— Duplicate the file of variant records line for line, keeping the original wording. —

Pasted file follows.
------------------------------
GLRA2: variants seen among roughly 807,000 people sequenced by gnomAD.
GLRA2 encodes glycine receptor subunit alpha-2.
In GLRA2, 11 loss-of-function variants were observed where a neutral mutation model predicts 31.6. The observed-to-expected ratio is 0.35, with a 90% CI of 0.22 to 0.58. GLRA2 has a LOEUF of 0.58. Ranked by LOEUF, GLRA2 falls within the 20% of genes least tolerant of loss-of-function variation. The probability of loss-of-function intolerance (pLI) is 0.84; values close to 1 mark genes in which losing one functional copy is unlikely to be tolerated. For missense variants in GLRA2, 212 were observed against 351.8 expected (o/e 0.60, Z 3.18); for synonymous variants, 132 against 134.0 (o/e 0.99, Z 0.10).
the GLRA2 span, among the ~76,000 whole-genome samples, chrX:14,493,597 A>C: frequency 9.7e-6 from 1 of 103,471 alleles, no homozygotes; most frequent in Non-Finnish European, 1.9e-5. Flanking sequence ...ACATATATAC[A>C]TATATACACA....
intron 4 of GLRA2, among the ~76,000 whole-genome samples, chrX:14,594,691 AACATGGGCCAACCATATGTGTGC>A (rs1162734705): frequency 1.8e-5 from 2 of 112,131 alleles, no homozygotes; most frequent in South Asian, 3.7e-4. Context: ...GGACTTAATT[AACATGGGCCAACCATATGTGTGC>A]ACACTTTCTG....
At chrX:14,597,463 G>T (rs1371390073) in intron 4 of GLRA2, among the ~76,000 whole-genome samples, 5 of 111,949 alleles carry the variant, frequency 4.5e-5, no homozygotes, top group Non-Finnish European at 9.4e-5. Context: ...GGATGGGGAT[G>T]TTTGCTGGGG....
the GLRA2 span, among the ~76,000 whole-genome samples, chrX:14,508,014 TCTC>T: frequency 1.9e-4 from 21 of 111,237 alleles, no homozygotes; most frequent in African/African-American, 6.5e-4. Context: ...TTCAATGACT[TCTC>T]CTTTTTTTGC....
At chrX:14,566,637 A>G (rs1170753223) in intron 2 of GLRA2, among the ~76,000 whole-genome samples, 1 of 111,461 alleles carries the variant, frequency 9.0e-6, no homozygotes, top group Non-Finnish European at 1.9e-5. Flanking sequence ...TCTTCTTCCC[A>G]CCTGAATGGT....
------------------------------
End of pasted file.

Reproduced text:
GLRA2: variants seen among roughly 807,000 people sequenced by gnomAD.
GLRA2 encodes glycine receptor subunit alpha-2.
In GLRA2, 11 loss-of-function variants were observed where a neutral mutation model predicts 31.6. The observed-to-expected ratio is 0.35, with a 90% CI of 0.22 to 0.58. GLRA2 has a LOEUF of 0.58. Ranked by LOEUF, GLRA2 falls within the 20% of genes least tolerant of loss-of-function variation. The probability of loss-of-function intolerance (pLI) is 0.84; values close to 1 mark genes in which losing one functional copy is unlikely to be tolerated. For missense variants in GLRA2, 212 were observed against 351.8 expected (o/e 0.60, Z 3.18); for synonymous variants, 132 against 134.0 (o/e 0.99, Z 0.10).
the GLRA2 span, among the ~76,000 whole-genome samples, chrX:14,493,597 A>C: frequency 9.7e-6 from 1 of 103,471 alleles, no homozygotes; most frequent in Non-Finnish European, 1.9e-5. Flanking sequence ...ACATATATAC[A>C]TATATACACA....
intron 4 of GLRA2, among the ~76,000 whole-genome samples, chrX:14,594,691 AACATGGGCCAACCATATGTGTGC>A (rs1162734705): frequency 1.8e-5 from 2 of 112,131 alleles, no homozygotes; most frequent in South Asian, 3.7e-4. Context: ...GGACTTAATT[AACATGGGCCAACCATATGTGTGC>A]ACACTTTCTG....
At chrX:14,597,463 G>T (rs1371390073) in intron 4 of GLRA2, among the ~76,000 whole-genome samples, 5 of 111,949 alleles carry the variant, frequency 4.5e-5, no homozygotes, top group Non-Finnish European at 9.4e-5. Context: ...GGATGGGGAT[G>T]TTTGCTGGGG....
the GLRA2 span, among the ~76,000 whole-genome samples, chrX:14,508,014 TCTC>T: frequency 1.9e-4 from 21 of 111,237 alleles, no homozygotes; most frequent in African/African-American, 6.5e-4. Context: ...TTCAATGACT[TCTC>T]CTTTTTTTGC....
At chrX:14,566,637 A>G (rs1170753223) in intron 2 of GLRA2, among the ~76,000 whole-genome samples, 1 of 111,461 alleles carries the variant, frequency 9.0e-6, no homozygotes, top group Non-Finnish European at 1.9e-5. Flanking sequence ...TCTTCTTCCC[A>G]CCTGAATGGT....